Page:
Applying forensic anthropology and related sciences, and in close collaboration with victims and their relatives, EAAF aims to recover and identify remains, return them to families and provide evidence in court proceedings. Through this work, we seek to shed light on human rights violations, contributing to the search for truth, justice, reparation and prevention of violations.
The objectives of EAAF's work are to:
- Apply forensic sciences to the investigation and documentation of human rights violations;
- Provide this evidence in court, special commissions of inquiry, and international tribunals;
- Assist the relatives of the victims in pursuit of their rights to recover the remains of their "disappeared" loved ones, so that they can carry out the customary funeral rights and mourn their dead;
- Collaborate in the training of new teams in other countries where investigations into human rights violations are necessary;
- Conduct seminars on the human rights applications of forensic sciences for humanitarian organizations, judicial systems, and forensic institutes in any country where people express interest in this subject;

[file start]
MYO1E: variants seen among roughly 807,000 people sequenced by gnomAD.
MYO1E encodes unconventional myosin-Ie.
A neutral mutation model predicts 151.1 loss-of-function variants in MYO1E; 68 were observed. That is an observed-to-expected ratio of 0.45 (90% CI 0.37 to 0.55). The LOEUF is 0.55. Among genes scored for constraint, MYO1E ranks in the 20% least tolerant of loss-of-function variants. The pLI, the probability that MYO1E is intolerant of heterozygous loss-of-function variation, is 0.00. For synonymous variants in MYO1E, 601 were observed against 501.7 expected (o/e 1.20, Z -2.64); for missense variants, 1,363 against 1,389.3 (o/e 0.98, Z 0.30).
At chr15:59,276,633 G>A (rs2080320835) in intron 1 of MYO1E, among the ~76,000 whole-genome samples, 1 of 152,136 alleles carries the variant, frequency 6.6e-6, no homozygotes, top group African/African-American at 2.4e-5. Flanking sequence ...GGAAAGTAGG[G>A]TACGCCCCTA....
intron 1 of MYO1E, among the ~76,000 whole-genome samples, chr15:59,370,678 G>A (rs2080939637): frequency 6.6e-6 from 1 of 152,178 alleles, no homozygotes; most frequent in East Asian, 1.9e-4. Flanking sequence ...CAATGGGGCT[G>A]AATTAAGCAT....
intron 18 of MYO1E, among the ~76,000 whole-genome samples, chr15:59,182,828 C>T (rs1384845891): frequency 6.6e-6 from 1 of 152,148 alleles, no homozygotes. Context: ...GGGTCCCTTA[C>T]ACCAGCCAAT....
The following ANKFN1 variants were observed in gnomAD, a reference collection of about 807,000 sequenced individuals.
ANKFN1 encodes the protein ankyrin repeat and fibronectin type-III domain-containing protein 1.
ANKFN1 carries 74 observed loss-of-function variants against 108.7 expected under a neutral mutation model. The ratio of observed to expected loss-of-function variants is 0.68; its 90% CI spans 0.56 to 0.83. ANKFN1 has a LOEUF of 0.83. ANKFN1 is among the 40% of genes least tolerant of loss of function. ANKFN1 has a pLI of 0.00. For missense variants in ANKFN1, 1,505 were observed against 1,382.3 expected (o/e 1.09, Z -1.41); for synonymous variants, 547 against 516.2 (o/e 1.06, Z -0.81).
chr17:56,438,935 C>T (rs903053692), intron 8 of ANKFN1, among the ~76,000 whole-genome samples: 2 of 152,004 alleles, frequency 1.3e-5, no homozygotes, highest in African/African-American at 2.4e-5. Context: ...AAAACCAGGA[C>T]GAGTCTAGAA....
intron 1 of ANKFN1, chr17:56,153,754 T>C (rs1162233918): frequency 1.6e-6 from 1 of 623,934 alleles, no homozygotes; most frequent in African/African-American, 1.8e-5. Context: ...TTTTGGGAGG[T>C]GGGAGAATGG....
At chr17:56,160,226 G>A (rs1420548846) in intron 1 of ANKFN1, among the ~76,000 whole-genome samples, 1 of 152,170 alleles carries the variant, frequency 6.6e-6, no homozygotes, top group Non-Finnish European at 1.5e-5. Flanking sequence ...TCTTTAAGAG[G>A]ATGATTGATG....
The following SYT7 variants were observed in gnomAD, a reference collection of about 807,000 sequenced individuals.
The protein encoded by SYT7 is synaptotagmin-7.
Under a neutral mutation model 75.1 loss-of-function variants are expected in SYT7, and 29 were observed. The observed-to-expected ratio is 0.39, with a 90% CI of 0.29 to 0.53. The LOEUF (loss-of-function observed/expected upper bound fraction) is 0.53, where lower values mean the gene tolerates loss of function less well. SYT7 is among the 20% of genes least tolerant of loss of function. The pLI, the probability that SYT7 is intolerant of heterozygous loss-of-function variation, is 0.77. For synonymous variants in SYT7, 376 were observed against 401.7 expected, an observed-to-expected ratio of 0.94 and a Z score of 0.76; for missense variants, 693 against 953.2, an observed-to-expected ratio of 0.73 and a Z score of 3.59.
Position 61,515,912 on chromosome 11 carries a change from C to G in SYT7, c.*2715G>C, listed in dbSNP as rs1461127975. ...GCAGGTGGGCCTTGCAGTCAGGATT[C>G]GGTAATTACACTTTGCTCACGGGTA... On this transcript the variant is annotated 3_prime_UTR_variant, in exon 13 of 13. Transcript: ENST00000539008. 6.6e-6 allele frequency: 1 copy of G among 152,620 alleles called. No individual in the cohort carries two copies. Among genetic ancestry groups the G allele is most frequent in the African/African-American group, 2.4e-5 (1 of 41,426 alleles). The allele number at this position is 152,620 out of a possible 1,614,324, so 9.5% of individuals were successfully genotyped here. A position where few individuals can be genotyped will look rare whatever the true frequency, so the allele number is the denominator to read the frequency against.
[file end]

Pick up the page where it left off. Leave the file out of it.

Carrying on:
- Contribute to the historical reconstruction of the recent past, often distorted or hidden by the parties or government institutions which are themselves implicated in the crimes under investigation.
How Does Forensic Anthropology Apply to Human Rights Cases?
Forensic anthropology uses methods and techniques from physical anthropology and forensic medicine to solve legal cases involving skeletal or almost skeletonized remains. EAAF also draws from forensic archeology, which applies traditional archeological methods to legal contexts. The work involves a range of disciplines, including forensic pathology, geophysics, odontology, genetics, ballistics, radiology, and computer science, among others. EAAF utilizes various techniques from these fields to exhume and identify victims of disappearances and extra-judicial killings; return their remains to relatives; present evidence of violations and patterns of abuse to relevant judicial and non-judicial bodies; and train national professionals to continue this work on a local level. EAAF members act as expert witnesses and consultants for local and international human rights organizations, national judiciaries, international tribunals, and special commissions of inquiry, such as Truth Commissions.